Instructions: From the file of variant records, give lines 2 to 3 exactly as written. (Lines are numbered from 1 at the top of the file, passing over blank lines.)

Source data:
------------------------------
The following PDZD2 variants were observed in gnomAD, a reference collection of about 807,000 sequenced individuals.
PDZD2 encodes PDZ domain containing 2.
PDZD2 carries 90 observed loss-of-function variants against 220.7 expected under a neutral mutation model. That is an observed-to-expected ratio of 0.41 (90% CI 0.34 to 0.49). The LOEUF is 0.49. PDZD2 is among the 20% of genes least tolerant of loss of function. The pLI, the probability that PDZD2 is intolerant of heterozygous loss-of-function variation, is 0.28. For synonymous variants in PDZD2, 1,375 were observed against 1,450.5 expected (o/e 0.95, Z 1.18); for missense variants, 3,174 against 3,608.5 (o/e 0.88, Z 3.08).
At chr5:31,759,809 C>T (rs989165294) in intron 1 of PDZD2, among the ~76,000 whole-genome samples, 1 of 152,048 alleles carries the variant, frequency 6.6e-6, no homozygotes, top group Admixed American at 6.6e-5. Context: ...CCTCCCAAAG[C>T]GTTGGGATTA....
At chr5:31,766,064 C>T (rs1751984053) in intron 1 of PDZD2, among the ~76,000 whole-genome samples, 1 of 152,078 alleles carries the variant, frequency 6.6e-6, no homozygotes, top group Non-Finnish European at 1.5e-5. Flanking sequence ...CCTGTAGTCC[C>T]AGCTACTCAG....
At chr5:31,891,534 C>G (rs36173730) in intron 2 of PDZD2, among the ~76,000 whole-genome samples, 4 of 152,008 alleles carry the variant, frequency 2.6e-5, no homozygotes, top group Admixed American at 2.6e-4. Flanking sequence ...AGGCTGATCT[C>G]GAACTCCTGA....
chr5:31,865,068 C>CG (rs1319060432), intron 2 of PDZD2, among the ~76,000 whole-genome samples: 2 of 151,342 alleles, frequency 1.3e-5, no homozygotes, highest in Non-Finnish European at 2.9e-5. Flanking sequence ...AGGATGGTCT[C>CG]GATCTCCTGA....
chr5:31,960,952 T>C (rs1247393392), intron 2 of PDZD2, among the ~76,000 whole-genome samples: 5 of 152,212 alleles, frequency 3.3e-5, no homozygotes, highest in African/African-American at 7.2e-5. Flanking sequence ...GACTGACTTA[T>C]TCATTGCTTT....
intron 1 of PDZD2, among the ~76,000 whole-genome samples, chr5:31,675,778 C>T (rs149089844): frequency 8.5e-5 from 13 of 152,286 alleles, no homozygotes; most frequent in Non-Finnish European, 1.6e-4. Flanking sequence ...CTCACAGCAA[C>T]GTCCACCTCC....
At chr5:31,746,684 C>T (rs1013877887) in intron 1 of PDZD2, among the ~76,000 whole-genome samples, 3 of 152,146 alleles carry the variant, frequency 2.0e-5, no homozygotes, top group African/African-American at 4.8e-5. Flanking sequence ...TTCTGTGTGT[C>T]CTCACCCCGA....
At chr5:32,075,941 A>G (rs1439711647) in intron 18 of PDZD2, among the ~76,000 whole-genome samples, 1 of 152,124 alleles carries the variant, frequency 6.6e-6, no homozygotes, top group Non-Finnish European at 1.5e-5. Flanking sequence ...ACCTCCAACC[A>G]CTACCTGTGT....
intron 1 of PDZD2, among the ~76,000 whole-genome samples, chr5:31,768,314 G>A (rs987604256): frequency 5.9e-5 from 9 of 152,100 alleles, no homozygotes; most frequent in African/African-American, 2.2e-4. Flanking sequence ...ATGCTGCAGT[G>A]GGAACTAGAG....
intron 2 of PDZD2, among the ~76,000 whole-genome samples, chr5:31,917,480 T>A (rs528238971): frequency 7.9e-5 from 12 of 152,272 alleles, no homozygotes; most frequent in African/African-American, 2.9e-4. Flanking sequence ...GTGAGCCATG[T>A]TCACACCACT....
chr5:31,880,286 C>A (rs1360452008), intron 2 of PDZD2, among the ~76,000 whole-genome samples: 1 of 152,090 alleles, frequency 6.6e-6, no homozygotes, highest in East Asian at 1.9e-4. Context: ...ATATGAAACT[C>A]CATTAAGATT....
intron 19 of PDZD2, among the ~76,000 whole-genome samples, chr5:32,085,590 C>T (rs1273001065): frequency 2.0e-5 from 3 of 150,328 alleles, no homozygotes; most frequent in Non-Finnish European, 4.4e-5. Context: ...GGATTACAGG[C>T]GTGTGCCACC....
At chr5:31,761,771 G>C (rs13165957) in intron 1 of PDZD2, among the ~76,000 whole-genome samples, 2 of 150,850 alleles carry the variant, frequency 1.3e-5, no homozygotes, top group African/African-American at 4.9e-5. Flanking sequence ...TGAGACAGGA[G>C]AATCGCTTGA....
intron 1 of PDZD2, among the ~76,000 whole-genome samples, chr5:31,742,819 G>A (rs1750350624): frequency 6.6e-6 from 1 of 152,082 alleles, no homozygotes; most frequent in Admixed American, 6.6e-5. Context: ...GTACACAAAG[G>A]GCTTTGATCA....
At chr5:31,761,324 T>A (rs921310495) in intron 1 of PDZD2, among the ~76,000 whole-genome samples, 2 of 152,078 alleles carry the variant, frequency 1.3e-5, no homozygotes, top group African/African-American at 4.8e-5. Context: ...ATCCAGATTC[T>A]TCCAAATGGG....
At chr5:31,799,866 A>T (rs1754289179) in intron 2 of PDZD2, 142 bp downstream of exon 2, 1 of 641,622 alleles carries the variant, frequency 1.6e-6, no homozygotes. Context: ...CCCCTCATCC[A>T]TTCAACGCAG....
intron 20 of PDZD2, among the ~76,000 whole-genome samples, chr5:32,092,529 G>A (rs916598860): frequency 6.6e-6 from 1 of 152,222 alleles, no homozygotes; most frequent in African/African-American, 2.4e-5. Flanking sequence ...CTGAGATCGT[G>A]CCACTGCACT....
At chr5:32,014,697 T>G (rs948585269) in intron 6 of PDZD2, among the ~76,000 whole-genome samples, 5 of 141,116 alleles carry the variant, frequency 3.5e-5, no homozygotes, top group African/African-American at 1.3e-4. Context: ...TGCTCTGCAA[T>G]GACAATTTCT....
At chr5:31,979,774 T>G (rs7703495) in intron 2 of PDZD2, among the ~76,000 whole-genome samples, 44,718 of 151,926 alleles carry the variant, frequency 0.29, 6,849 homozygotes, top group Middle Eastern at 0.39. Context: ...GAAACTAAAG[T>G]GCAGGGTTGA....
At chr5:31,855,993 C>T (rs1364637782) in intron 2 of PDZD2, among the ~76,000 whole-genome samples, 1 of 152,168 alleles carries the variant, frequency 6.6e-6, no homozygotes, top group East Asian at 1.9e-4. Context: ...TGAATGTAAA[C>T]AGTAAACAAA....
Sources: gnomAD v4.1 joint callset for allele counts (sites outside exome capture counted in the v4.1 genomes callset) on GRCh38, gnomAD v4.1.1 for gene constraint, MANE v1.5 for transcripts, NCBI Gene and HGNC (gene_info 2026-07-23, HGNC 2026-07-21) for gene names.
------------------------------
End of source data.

PDZD2 encodes PDZ domain containing 2.
PDZD2 carries 90 observed loss-of-function variants against 220.7 expected under a neutral mutation model. That is an observed-to-expected ratio of 0.41 (90% CI 0.34 to 0.49). The LOEUF is 0.49. PDZD2 is among the 20% of genes least tolerant of loss of function. The pLI, the probability that PDZD2 is intolerant of heterozygous loss-of-function variation, is 0.28. For synonymous variants in PDZD2, 1,375 were observed against 1,450.5 expected (o/e 0.95, Z 1.18); for missense variants, 3,174 against 3,608.5 (o/e 0.88, Z 3.08).